We’re smoking coals in Bushwick

The hipster capital of New York City has been hit with a problem straight out of a Charles Dickens novel.

Brooklyn residents say a newly built smokestack has ruined the air quality in their corner of Bushwick — but despite their cough complaints, they claim it continues to pollute the neighborhood with a burning smell Is.

“This business is going down now and we’re smoking,” artist Mary, 37, told The Post of the Satmar Matzah Bakery, which recently moved into her apartment next door to her apartment of 11 years. (She declined to give her full name for fear of retribution from the business.) After a period of frenzied construction at its new 38 Locust St. location, in late January the bakery fired up its freshly made black chimneys—and came to life. The quality fell off the block immediately, Locust Street denizens claim.

“I was honestly hoping that I would just get used to it and it wouldn’t be a problem,” Mary said, adding that the smell permeates the hallways of her building as well as her apartment.

Although bad from the start, the situation took a marked turn for the worse around 17 February after a “huge” pile of coal joined the wooden planks lining the pavement.

38 Locust Street Bakery Chimney
Even with their windows closed, the block’s tenants complain that the smell of campfires is still pervading.
Regards residents of the block

38 Locust Street Bakery Chimney
Despite repeated reports from the FDNY, residents say the smokestack continues to pollute the air.
Regards residents of the block

38 Locust Street Bakery Chimney
Recently a huge pile of coal appeared on the block.
Regards residents of the block

“I’ve never seen coal before in real life,” Mary said, and immediately after it appeared, “it was stinging the back of my throat. There was a distinct chemical smell and my dog ​​was sneezing incessantly.” She has found she now also needs to clear her throat more often, but her health concerns pale in contrast to the excitement she feels about how “horrible” the situation is.

“The air quality in the neighborhood … you can actually smell the smoke all the time,” said Xavier McCormick, 24, who has lived on the block for two years and worries about children at a nearby elementary school. “I’m not going to say that the air quality in our over 100-year-old building is great, but it constantly smells like smoke now.”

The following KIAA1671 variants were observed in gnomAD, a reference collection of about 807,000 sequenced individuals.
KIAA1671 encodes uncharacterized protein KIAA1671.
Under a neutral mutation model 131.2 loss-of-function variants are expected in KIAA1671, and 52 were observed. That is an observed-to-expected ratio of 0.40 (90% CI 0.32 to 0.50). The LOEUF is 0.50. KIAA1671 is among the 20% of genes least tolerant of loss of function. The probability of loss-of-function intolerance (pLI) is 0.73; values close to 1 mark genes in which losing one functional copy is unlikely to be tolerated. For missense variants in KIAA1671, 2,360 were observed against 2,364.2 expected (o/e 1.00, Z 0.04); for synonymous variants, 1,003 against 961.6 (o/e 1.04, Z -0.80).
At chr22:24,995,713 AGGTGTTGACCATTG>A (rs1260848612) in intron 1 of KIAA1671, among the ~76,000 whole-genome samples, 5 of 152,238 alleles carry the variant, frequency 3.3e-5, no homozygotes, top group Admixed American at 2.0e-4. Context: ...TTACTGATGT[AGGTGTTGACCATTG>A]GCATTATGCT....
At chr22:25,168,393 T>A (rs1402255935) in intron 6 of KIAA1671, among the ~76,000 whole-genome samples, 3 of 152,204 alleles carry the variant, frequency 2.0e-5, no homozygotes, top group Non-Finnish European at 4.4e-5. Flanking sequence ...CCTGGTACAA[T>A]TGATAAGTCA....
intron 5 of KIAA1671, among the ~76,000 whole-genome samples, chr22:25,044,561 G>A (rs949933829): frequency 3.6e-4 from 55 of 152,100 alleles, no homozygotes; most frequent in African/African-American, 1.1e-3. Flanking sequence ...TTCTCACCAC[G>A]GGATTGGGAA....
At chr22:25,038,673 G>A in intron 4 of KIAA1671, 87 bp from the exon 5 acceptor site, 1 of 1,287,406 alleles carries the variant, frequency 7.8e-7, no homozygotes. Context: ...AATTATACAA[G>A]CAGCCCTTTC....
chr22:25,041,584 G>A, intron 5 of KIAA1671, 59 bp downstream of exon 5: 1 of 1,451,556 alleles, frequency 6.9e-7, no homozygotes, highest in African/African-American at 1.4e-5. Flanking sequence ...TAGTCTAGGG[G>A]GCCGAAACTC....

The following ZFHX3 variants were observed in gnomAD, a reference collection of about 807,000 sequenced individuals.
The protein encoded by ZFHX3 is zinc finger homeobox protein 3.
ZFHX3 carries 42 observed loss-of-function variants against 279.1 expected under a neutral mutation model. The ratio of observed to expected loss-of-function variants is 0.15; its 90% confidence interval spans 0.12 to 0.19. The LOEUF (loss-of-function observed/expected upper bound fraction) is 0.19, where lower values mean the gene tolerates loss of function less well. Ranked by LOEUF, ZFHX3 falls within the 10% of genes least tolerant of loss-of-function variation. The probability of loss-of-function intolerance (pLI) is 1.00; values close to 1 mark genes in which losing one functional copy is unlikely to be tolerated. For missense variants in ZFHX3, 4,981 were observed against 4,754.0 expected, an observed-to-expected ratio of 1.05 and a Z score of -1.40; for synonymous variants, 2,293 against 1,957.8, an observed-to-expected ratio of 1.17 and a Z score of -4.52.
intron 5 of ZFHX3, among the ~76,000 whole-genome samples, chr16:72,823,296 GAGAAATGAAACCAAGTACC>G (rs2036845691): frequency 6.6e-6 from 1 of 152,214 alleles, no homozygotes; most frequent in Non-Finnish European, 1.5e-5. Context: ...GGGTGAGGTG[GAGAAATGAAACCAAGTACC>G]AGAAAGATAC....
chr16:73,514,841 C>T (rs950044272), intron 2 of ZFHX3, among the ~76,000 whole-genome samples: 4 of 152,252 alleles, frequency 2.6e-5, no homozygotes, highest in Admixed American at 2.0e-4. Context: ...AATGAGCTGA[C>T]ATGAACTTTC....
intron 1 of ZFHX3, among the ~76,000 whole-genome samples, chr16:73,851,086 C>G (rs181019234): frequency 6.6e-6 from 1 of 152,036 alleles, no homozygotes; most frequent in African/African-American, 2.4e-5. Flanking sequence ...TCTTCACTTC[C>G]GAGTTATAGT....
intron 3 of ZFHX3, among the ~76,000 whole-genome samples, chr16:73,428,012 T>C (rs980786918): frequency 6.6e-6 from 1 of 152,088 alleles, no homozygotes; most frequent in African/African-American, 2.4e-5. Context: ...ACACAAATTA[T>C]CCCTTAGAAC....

Xavier hasn’t personally noticed any resulting health problems, but he notes that his apartment is on the back side of his building, far from the shack. Even then, though, he finds the situation relatable, and feels particularly bad for the longtime residents of the neighborhood.

In fact, the campfire smell is so strong it affects a “couple-block radius,” 32-year-old musician, actor, and block resident Jake (who declined to provide his full name) told the Post. Even when her windows are closed, the scent fills her apartment and clings to some of her clothes. Sometimes, he finds that he himself smells like smoke.

Jake said, “They’re, like, constantly inhaling some kind of smoke and can’t get used to the smell.” Not sure if it is smoke related or not.

“Smokestacks are legal in New York but I don’t know if they’re legal on this block,” Manhattan real estate attorney Adam Leitman Bailey told the Post.

The city’s Department of Buildings website shows the property currently has two open violations, both issued this month. One is for “illegal work in progress” – including the installation of a new rooftop mechanical unit, electrical system and a sprinkler – and the other is for work without a permit.

Jake has called 311 many times, and recently saw a stop work order on the door at 38 Locust St. This week, he noticed a different permit on the building, this one announcing a bakery application to convert it to a house of worship.

38 Locust Street Bakery Chimney
A stop work order was posted on the bakery’s door.
Regards residents of the block

38 Locust Street Bakery Chimney
The bakery is officially considered a house of worship.
Regards residents of the block


Still, despite the order and two visits to the FDNY, Jake observed, “almost 24/7 – they keep on moving with no results.”

When contacted by phone, a representative for Satmar Matzah Bakery gave an initial response of “no comment” before adding that the smokestacks “were built according to code, which makes the air cleaner.”

In response to the Post’s request for comment, the New York State Department of Environmental Protection confirmed that they have inspected the facility — which they determined does not require a state-issued air permit or registration — and conducted air quality tests. Didn’t see the issues.

However, many city agencies agreed that smokestacks are a continuing problem.

“In response to complaints from members of the public, the DOB has conducted several inspections of this building over the past several weeks,” Department of Buildings press secretary Andrew Rudansky told the Post on behalf of the DOB, the FDNY and the Department of Environmental Protection. “During these inspections we have issued violations to the owners and their contractors related to ongoing construction work at the site that was not up to code… We are currently working with our agencies at the DEP and FDNY to investigate this issue further coordinating with partners.

Although the city is apparently aware and is taking action to correct the problem, block residents complain that the situation remains laughable.

Mary said, “We are amazed at how clear everything has become.” “It sounds really shady.”

Source link

Leave a Comment